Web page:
The Historical Significance of Slingbox

Word came down last week that Dish was going to discontinue Slingbox, the great technology created to watch your home TV while away from your home. Slingbox was the brainchild of Blake and Jason Krikorian, real visionaries who saw the streaming media future 13 years before it became mainstream.

Slingbox, like all great ideas, was born out of a pain point. It came about because Blake and Jason were avid SF Giant fans who were frustrated because they could not watch their beloved Giants when on the road. They decided that they should solve this problem and began in 2002 to try and figure out how to “sling” the Giants TV from their local TV station and make it available in a Web Browser or dedicated app.

Ben and I were very privileged to be able to witness the birth of Slingbox from the beginning. Very early in the Slingbox project, Blake, who I had known from his days at Microsoft, contacted us and shared his vision for what became Slingbox.

I, too, am a big SF Giants fan and loved their idea and was glad to give them advice on the project. While we never actually worked with them, we were brought into many early discussions and saw a seed of an idea grow into a successful technology launch that made Slingbox a big hit with techies and a broader consumer audience alike.

Slingbox came to market in 2005, and I was an early beta tester. That summer, I was in Beijing for meetings with a client and Chinese commerce officials. While back at my hotel, I decided to check out the score of the Giant’s game that was on back home at the time. I was not sure it would work given the restrictions on Chinese broadband networks, but to my surprise, I logged into my Slingbox app and began watching the Giants game in real-time. It was at that moment I realized that Slingbox was a game-changer and began to see that Blake and Jason had fundamentally invented the concept of TV anywhere.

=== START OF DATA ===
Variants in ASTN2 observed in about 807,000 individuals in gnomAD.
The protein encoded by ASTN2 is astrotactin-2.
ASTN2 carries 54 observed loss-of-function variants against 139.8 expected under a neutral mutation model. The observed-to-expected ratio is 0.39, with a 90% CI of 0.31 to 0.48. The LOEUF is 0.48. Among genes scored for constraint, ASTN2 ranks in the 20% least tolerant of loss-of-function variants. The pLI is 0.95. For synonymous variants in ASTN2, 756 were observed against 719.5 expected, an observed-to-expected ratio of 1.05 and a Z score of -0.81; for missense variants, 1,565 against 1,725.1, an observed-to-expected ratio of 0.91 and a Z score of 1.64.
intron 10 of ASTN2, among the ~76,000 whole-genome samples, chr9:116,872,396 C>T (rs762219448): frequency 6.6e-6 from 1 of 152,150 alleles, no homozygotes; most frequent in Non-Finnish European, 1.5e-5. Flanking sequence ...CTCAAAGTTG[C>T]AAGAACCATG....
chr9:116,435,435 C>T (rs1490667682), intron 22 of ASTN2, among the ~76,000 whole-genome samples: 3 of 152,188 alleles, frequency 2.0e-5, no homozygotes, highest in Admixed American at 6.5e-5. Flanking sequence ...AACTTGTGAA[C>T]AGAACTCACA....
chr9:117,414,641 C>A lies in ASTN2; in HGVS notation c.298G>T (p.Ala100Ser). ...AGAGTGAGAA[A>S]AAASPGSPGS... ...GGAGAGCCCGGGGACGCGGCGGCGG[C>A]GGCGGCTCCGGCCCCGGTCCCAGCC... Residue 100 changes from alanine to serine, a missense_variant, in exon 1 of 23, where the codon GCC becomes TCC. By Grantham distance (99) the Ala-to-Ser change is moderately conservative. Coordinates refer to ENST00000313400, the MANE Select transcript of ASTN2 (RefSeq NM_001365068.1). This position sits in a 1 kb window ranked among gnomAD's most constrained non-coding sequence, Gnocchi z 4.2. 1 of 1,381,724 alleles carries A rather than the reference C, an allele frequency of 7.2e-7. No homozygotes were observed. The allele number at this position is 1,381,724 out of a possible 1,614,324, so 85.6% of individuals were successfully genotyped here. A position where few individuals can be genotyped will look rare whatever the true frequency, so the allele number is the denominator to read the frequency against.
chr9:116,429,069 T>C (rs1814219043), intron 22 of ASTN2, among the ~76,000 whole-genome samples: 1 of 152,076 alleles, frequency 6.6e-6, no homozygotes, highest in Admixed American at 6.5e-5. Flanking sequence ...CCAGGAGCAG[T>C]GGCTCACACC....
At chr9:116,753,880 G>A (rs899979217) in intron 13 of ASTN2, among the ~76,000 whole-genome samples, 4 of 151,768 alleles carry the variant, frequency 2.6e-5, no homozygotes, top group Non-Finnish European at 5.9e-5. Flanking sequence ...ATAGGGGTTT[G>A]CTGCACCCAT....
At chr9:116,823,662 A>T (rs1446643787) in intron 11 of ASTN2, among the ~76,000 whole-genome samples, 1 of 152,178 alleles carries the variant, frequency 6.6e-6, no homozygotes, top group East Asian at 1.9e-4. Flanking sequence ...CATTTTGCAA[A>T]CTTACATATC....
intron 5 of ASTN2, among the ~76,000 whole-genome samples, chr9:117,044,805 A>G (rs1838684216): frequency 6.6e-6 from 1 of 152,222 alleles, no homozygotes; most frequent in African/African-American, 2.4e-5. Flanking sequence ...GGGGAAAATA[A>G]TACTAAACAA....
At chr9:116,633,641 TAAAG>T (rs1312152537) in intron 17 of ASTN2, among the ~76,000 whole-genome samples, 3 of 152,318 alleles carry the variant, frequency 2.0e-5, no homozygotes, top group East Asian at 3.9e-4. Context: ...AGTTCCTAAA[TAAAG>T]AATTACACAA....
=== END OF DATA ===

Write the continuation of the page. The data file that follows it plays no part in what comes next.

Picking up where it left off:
I know that by 2005, we had seen early versions of user-created content given YouTube’s launch at about the same time. However, Slingbox introduced the world to the big promise of streaming commercial content that had much broader appeal. Slingbox was quite successful on their own but needed help for greater distribution. So in 2007, Dish Network purchased Sling Media, the company behind the Slingbox, for $380 million. This gave Dish the underlying technology they needed to build their more advanced streaming media platform they have today.

It was not a surprise to me that Dish has decided to, over time, discontinue Slingbox. There are still hundreds of thousands of users that use Slingbox, so their move to eventually close Slingbox servers will be gradually phased out over the next 24 months. Given our long association with Slingbox, Dish’s decision to kill Slingbox felt like a gut-punch to me.

One of their founders, Blake Krikorian, sadly passed away in 2016 at the young age of 49. However, his legacy as an industry pioneer will forever show that Blake and his brother Jason saw the future of streaming media and had a hand in shaping the streaming media market we all enjoy today.

Published by

Tim Bajarin

Tim Bajarin is the President of Creative Strategies, Inc. He is recognized as one of the leading industry consultants, analysts and futurists covering the field of personal computers and consumer technology. Mr. Bajarin has been with Creative Strategies since 1981 and has served as a consultant to most of the leading hardware and software vendors in the industry including IBM, Apple, Xerox, Compaq, Dell, AT&T, Microsoft, Polaroid, Lotus, Epson, Toshiba and numerous others.

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